The Vanishing Hispanic Vote. Why lack of immigration reform could hurt Obama in November
One big factor seems to loom over all others when it comes to measuring Latino voter intent: Barack Obama's pledge in 2008 to tackle immigration reform during his first year in office.
In July 2008 the candidate Barack Obama made a pledge to Hispanic voters.
“For eight long years, we have had a president who has made all kinds of promises to Latinos on the campaign trail, but failed to live up to them in the White House,” Obama told a Washington convention of the League of United Latin American Citizens (LULAC). “We need a president who isn’t going to walk away from something as important as comprehensive [immigration] reform when it becomes politically unpopular. That’s the commitment I’m making to you ... and I will make it a top priority in my first year as President.”
Sure enough, in November that year Latinos turned out in record numbers, voting overwhelmingly 2:1 for Obama, accounting for 9 percent of the electorate. Fast forward two years, and how times have changed. So much so, that some Democrats fear they may be staring at a repeat of 1994 when president Bill Clinton’s “New Democrats” lost control of Congress after only two years.
Economic recession, unemployment, the war in Iraq and the bruising healthcare debate have taken their toll on voters. But Hispanics have another axe to grind. Whatever happened to Obama’s pledge, they ask? The consequences are evident in recent polling. Obama’s approval rating among Hispanics is down from 79 percent in April 2009 to 58 percent in June 2010, according to the Pew Research Center for People & the Press. Even more worrying for Democrats is the accelerating rate of decline, falling 13 points between January and June. (A July Gallup Poll found Obama approval among Hispanics had fallen as low as 55 percent.)
Meanwhile, the proportion of Hispanics who disapprove of his job performance has risen from 18 percent to 33 percent. By contrast Obama’s job rating has held steady this year among non-Hispanic blacks and whites. The vast majority of African Americans (91 percent) continue to approve of Obama’s job performance. Among white non-Hispanics, 38 percent approve, while 52 percent disapprove, which is unchanged from January.
Add to that a natural tendency for voter turnout to drop sharply in mid-term elections, and things begin to look gloomy for Democrats. Some Republicans are even hoping to pick up Latino votes in parts of the country, though that still seems unlikely, analysts say. “It’s not a question of whether the Democrats are in danger of losing Hispanic votes to Republicans. It’s a question of turnout,” says Fernand Amandi, vice-president of Bendixen & Amandi, the Miami polling firm.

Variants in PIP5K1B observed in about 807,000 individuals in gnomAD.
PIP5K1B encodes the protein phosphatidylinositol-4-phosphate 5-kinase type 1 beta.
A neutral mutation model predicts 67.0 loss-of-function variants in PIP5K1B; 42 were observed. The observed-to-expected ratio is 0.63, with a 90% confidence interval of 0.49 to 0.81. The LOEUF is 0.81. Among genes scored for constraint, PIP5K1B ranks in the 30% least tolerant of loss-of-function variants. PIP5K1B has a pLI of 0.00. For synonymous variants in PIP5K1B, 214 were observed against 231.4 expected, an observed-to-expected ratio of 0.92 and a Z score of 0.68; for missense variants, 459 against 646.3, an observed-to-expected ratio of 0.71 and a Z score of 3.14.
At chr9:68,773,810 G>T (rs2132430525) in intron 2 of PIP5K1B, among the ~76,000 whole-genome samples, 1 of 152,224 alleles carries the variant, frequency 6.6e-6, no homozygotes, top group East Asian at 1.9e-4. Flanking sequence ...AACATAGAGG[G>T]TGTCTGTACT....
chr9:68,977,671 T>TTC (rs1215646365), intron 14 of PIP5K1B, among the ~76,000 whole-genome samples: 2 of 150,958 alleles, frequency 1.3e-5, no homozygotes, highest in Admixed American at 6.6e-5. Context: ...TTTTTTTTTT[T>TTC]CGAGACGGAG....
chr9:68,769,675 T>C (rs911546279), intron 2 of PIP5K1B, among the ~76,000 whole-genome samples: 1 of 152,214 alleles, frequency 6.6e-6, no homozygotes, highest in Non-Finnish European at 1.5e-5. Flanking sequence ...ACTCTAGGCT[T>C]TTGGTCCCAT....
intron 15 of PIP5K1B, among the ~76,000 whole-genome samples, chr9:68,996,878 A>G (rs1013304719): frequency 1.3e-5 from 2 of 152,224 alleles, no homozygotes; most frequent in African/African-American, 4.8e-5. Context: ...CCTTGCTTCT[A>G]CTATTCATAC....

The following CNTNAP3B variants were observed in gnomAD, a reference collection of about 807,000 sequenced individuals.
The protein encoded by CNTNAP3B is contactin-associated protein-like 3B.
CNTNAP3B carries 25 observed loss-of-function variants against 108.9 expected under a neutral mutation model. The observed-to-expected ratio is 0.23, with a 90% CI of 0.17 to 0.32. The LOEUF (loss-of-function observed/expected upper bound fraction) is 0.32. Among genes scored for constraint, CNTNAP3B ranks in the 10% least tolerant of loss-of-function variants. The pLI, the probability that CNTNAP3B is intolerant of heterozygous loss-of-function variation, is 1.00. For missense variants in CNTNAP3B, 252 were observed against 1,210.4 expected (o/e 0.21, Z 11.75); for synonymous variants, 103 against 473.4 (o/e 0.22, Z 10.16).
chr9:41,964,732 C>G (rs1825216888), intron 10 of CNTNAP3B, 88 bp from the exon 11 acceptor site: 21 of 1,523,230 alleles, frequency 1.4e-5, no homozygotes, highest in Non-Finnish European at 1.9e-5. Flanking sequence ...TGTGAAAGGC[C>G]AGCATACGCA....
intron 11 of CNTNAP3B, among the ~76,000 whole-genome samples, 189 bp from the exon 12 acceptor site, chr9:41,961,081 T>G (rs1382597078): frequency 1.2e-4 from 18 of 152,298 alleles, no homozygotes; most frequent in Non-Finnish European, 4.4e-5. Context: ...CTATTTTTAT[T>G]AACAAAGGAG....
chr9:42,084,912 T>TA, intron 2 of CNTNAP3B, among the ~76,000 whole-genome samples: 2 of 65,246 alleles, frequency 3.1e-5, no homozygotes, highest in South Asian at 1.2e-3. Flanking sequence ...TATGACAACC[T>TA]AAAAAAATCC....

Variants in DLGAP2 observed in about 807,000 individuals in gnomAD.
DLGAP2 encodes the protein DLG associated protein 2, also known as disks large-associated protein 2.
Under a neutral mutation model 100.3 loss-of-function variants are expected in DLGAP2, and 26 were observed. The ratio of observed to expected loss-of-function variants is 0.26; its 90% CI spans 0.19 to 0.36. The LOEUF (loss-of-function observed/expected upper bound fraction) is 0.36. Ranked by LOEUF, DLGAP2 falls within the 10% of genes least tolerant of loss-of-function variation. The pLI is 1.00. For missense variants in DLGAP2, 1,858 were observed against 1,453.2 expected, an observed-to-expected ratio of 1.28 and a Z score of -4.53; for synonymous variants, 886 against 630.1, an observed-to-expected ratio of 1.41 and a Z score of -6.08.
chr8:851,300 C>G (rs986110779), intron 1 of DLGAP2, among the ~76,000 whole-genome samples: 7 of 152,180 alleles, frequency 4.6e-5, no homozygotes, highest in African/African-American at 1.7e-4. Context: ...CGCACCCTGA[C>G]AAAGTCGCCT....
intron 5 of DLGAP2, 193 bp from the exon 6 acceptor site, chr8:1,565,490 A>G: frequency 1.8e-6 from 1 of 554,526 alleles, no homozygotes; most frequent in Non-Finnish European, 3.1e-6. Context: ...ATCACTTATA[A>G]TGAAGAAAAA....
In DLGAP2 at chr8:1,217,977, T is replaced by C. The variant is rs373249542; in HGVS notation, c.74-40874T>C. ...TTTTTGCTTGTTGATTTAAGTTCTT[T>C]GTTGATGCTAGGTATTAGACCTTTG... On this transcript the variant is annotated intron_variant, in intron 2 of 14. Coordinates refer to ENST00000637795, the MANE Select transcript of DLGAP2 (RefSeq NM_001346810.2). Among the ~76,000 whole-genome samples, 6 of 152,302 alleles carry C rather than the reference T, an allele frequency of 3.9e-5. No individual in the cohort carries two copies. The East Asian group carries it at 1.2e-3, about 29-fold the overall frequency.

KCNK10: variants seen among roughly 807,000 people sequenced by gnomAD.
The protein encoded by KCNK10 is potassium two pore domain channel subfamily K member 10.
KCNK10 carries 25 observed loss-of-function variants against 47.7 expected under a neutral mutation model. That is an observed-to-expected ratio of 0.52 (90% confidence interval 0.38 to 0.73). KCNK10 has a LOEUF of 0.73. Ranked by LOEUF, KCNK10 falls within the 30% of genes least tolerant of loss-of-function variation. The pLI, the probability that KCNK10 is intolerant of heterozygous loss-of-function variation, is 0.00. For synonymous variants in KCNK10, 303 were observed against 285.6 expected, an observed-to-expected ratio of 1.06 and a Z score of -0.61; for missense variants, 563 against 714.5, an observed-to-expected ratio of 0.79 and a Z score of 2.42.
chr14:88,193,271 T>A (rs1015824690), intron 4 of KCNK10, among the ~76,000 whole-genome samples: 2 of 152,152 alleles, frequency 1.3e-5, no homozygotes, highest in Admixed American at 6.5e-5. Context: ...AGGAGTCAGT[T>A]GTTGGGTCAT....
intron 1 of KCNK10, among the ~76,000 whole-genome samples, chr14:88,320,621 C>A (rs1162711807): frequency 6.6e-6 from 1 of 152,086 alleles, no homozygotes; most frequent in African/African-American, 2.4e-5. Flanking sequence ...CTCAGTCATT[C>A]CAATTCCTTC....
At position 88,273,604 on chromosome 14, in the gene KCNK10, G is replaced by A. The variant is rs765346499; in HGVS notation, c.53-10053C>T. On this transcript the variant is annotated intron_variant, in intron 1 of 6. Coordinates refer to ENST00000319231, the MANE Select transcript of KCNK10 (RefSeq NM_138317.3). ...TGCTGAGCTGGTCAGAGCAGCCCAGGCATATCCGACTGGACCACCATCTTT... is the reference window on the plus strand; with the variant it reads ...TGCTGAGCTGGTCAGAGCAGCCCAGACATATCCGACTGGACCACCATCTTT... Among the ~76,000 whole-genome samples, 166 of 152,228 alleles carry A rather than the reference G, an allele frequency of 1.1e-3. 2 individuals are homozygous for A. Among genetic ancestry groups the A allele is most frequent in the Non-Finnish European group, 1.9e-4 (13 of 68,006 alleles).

One big factor seems to loom over all others when it comes to measuring Latino voter intent: the Obama pledge regarding immigration reform, and Arizona’s now infamous State Bill 1070, which requires police to verify the status of someone they have stopped or arrested if they suspect that the person is in the country illegally. Amandi and others are banking on the backlash from SB 1070 to re-energize the Latino vote, much as occurred in 2006 when immigration was a hot issue, along with the war in Iraq. “In 2006 Republicans used immigration as a wedge issue, but it ended up backfiring,” Amandi says.
A foreshadowing of how Hispanic voters will respond to mid- term elections across the Southwest may have occurred in late July in Las Vegas. In a somewhat convoluted series of events, the local Univision television affiliate’s news director, Adriana Arévalo, wrote in her weekly column for El Tiempo that Republican candidate for governor Brian Sandoval, when asked how he would feel if authorities stopped his children to ask for their papers, responded, “My children don’t look Hispanic.” Controversy in the blogosphere, and, eventually, large dailies followed.
But the issue is clear: the Arizona law, as well as copycat versions in at least 20 states, may well be a touchstone for Hispanic voters when it comes to choosing state and national candidates in midterm elections. The Arizona law has “galvanized and mobilized Hispanic voters across the country and, in particular, in the Southwest,” says Andréz Ramírez, vice president for Hispanic programs at NDN, a Washington think tank. Ramírez also points to a July poll by the National Association of Elected and Appointed Officials (NALEO) showing that Hispanic voters in California, Florida, Texas and Colorado named immigration the top issue in deciding for whom to cast their votes. Ramírez says he has never seen the topic poll so high.
In Las Vegas, Sandoval’s Democratic opponent, Rory Reid, who is the son of Democratic Senate Majority Leader Harry Reid, marshaled support from two of Nevada’s three Hispanic state legislators, who blasted Sandoval for being out of touch with Hispanics and their issues despite his last name. Ironically, Reid, the non-Hispanic in the race, speaks Spanish well and is considered more in touch with Hispanic issues.
In Nevada’s other main race, Sen. Reid is facing a tough challenge by Sharron Angle, a Republican candidate with support from the Tea Party. In Texas, the pace of the governor’s race also has shown apparent fallout from the Arizona law, as before-and-after-SB 1070 polls register a complete turnaround among Hispanic voters, going from 53-41 in favor of Republican candidate Rick Perry, to 55-21 in favor of Democrat Bill White. Pundits see the change as tied to opposition to the law.
In Colorado, Denver Mayor and Democrat John Hickenlooper’s race became more polarized around the issue in late July when arch anti-illegal immigration zealot and former GOP Rep. Tom Tancredo entered the race for governor. Of course, Arizona’s law has polled favorably among voters as a group in that state and across the nation, so it remains to be seen how conservative voters, not to mention white swing voters, will respond. As for Arizona itself, Ramírez says national and local organizations, including his own, are on the ground registering Hispanics and building get-out-the-vote campaigns.